under way.  This document specifies a higher layer abstraction that
   reuses a small subset of YANG keywords for service description
   purpose.  It SHALL NOT be used for production provisioning purpose.
   Instead, it can be adopted for design spec, capacity planning,
   product benchmarking and test setup.

   The specification described in this document SHALL be used for
   outline service requirements from customer perspective, instead of
   network implementation mechanism from operators perspective.

1.3.  Conventions Used in This Document

   Descriptive terms can quickly become overloaded.  For consistency,
   the following definitions are used.

   o  Node - The name for an attrubute.

   o  Brackets "[" and "]" enclose list keys.

   o  Abbreviations before data node names: "rw" means configuration
      data (read-write), and "ro" means state data (read-only).

   o  Parentheses enclose choice and case nodes, and case nodes are also
      marked with a colon (":").

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2.  Network Service Framework

   The network service layer abstract model is illustrated by Figure 1.
   This shows a stack of components to enable end-to-end services.  Not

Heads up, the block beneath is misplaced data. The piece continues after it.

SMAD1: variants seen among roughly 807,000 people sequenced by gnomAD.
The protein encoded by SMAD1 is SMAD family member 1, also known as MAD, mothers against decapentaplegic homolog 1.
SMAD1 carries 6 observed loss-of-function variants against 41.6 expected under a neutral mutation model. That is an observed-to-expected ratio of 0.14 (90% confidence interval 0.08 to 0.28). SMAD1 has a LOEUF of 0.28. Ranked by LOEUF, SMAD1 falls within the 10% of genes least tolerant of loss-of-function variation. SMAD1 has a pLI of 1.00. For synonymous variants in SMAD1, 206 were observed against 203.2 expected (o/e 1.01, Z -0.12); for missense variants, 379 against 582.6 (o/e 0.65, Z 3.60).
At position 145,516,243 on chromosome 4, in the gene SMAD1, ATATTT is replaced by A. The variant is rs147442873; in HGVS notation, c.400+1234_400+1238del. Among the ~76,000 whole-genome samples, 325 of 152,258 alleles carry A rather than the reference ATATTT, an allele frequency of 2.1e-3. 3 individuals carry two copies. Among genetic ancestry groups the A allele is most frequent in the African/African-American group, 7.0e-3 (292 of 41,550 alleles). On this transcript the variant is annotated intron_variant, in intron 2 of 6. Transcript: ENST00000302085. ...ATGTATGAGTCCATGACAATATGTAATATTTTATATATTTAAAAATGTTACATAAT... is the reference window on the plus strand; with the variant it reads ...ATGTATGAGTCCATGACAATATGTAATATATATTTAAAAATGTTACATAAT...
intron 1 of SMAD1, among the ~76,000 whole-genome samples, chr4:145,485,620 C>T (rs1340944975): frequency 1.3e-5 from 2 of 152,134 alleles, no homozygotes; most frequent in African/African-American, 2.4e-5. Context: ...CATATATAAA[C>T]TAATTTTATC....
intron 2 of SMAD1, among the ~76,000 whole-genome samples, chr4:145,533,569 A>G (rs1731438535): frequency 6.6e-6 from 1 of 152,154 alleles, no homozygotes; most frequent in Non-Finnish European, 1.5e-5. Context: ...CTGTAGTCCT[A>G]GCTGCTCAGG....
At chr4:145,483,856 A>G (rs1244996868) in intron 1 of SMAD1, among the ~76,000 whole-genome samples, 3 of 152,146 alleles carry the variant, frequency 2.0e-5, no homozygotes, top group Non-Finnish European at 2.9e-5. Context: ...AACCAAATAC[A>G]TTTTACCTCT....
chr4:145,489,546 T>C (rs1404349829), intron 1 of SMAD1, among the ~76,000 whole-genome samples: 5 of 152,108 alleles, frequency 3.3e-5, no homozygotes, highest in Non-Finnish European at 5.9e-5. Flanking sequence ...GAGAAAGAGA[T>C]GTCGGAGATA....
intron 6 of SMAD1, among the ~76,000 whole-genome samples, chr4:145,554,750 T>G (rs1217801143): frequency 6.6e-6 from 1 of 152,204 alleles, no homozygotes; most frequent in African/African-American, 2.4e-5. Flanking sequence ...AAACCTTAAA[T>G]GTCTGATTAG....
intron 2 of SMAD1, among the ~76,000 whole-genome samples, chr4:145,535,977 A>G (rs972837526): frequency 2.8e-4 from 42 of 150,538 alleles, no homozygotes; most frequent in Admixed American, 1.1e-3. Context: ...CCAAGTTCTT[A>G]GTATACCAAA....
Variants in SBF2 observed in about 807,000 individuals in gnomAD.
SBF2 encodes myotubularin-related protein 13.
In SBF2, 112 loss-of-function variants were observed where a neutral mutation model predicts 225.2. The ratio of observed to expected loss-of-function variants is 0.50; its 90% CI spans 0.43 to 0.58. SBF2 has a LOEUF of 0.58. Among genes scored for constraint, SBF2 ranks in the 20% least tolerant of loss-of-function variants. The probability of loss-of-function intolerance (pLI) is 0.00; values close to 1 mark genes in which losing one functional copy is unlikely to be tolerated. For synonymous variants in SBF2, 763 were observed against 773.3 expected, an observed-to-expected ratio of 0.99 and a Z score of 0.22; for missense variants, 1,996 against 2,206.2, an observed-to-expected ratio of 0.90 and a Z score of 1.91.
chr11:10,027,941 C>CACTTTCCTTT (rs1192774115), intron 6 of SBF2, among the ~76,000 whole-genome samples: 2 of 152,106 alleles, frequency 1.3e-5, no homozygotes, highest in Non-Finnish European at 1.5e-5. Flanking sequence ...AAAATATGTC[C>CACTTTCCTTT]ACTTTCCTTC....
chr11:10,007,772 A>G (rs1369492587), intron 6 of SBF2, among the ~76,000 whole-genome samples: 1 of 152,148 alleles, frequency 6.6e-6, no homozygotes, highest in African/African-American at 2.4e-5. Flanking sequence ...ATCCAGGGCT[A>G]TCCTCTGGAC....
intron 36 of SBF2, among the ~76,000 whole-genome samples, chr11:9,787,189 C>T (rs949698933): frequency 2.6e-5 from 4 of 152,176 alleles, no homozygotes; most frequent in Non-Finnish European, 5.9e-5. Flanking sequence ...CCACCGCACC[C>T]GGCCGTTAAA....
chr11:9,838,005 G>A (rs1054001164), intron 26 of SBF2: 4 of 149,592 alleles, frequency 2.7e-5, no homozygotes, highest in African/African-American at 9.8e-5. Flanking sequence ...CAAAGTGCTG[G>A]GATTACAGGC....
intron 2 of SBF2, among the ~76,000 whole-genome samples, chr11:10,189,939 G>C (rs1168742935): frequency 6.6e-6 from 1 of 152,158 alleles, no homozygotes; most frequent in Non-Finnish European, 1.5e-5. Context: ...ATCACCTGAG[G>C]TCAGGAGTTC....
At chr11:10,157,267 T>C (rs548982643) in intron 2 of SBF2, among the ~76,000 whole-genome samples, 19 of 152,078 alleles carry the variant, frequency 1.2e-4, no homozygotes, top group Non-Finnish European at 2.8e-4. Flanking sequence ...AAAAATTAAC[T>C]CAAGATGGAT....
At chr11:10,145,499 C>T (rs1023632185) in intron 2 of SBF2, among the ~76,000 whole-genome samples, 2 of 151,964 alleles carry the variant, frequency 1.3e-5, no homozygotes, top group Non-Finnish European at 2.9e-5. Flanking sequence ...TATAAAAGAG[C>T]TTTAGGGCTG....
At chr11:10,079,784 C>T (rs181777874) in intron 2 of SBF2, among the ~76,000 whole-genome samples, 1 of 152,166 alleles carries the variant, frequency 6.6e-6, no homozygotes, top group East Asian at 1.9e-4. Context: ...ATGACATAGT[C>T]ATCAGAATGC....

all components are required for a given service.  A common use case
   is to pick one component as target service with a detailed profile,
   with the remaining components as supporting technologies using
   default profiles.

                   Network Service Layer Abstract Model

                          | S |L|L| |   |L| |L| |
                          | E |2|2|V| E |3|M|U|6|
                          | R |V|C|P| V |V|V|B|P|
                          | V |P|K|L| P |P|P|G|E|
                          | I |N|T|S| N |N|N|P| |
                          | C +-+-+-+-+-+-+-+-+-+
                          | E | L2SVC |  L3SVC  |
                          |   |      BGP        |
                          | I +-----------------+
                          | N |    Transport    |
                          | F +-----------------+
                          | R |      IGP        |
                          | A +-----------------+
                          |   |    Bridging     |
                          | T |         | Active|
                          | O | Logical |Standby|
                          | P +---------+ M-Home|
                          | O | Physical| L/B   |
                          | N |I| | | | |C| | |I|
                          | O |N|F|Q| | |G|N|N|S|
                          | D |T|A|O|F|G|S|S|S|S|
                          | E |F|B|S|W|R|S|R|F|U|

                                 Figure 1

2.1.  Node

   A network node or a network device processes and forwards traffic
   based on predefined or dynamically learned policies.  This section
   covers standalone features like the following:

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   o  INTF - Network interfaces that provides internal or external